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Glacier surveys

Theodolite on a glacier sheet and a digital terrain model of a mountain range

Picture: iStock.com / Massimo Merlini; iStock.com / StudioM1

The rate at which climate change is causing the Alpine glaciers to melt can be determined from the 120-year-old mountain maps created by Sebastian Finsterwalder. For decades, this multi-talented scientist tirelessly trekked through the mountains, analyzed photos and took to the skies in a hot-air balloon to survey the land. In the process, he developed geometric methods which are still used today by the algorithms of modern 3D software.

Glaciers retreating due to climate change

Armed with crampons, a pickax and measuring instruments, the young mathematician and geodesist Sebastian Finsterwalder climbed the Ötztal Alps in 1889 along with two research colleagues and a porter. The undertaking was both challenging and dangerous. They spent weeks surveying moraine ridges, glacier edges, fault lines and cliff faces – all to create the first accurate map of the Vernagtferner glacier. Just three years later, in 1892, Finsterwalder was teaching at Technische Hochschule München, having acquired a professorship. He became the first person to map all of the Bavarian glaciers in the Wetterstein mountains and the Berchtesgaden Alps – both on foot and from a hot-air balloon.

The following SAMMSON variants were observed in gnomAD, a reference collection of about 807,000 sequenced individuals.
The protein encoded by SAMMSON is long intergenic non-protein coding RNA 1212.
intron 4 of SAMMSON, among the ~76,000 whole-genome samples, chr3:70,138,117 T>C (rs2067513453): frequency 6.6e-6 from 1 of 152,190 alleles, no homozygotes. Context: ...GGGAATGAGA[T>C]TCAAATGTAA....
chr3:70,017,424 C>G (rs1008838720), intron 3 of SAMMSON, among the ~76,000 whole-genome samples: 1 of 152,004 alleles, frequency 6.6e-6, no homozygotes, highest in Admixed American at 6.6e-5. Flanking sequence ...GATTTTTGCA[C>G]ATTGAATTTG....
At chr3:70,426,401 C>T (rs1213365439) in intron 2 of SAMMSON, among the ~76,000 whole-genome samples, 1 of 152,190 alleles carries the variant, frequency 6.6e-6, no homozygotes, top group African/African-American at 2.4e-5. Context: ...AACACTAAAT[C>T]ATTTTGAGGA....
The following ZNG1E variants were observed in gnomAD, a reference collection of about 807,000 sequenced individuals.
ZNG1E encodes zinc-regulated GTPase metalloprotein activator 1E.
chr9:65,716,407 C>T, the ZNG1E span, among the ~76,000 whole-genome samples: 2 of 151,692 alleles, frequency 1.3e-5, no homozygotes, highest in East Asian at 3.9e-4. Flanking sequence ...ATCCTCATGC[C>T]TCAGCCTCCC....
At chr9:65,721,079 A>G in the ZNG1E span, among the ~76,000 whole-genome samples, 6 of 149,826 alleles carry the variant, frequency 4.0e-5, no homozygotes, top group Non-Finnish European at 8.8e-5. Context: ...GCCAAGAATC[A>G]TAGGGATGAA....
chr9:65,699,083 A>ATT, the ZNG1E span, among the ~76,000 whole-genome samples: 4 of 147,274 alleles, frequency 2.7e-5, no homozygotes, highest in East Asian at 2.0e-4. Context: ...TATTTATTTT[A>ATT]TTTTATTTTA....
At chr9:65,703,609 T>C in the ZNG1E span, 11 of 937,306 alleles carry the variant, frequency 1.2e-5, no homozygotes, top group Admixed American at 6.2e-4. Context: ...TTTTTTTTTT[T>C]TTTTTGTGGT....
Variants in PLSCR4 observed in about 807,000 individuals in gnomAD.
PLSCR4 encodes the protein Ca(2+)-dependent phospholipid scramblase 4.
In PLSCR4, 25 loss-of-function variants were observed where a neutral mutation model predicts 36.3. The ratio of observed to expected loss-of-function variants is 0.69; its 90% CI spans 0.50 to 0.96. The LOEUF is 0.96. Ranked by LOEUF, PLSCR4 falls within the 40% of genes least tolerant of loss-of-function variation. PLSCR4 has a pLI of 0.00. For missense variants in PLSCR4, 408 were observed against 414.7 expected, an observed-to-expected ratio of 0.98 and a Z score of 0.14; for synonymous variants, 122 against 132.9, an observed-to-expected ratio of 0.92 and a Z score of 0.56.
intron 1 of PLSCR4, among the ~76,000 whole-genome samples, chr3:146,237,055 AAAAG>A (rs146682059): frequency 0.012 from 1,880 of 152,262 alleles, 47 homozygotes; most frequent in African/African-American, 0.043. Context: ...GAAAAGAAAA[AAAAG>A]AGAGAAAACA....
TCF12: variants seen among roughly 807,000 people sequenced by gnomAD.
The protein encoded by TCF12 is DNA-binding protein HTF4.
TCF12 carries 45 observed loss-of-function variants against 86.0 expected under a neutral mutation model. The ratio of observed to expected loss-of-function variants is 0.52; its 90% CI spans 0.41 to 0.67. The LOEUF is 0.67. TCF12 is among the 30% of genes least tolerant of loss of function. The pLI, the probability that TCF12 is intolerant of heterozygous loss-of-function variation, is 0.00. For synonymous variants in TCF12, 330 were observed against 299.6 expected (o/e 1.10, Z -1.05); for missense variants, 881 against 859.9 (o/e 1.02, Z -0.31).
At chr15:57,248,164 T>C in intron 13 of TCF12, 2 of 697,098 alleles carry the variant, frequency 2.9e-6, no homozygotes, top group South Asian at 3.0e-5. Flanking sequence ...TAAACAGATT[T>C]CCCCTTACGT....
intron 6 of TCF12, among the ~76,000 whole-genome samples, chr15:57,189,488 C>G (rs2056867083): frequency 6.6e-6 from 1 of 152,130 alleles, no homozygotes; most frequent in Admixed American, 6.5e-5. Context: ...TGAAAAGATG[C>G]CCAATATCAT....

Finsterwalder’s life’s work as a geometrician, geodesist, physicist and engineer remain invaluable to this day. His mountain maps, for instance, show how far Alpine glaciers have retreated over the past 120 years due to climate change. His mathematical approach created an all-important scientific foundation for the task of surveying the earth’s surface. He used all the intricacies of descriptive geometry to obtain an accurate picture of the landscape – using only photos, drawings and as few actual measurements as possible. The methods he discovered are still important today for satellite surveying and the 3D software used by engineering companies, and even for computer games, animated films and 3D cinema.

“He [Sebastian Finsterwalder] never held back his ideas and never considered monetizing them through patents. Instead, he always unreservedly and unselfishly shared his findings and discoveries with friends, students and the public.”

Sebastian Finsterwalder

Geodesist Otto von Gruber, 1937, on the 75th birthday of Sebastian Finsterwalder

Picture: Österreichischer Alpenverein

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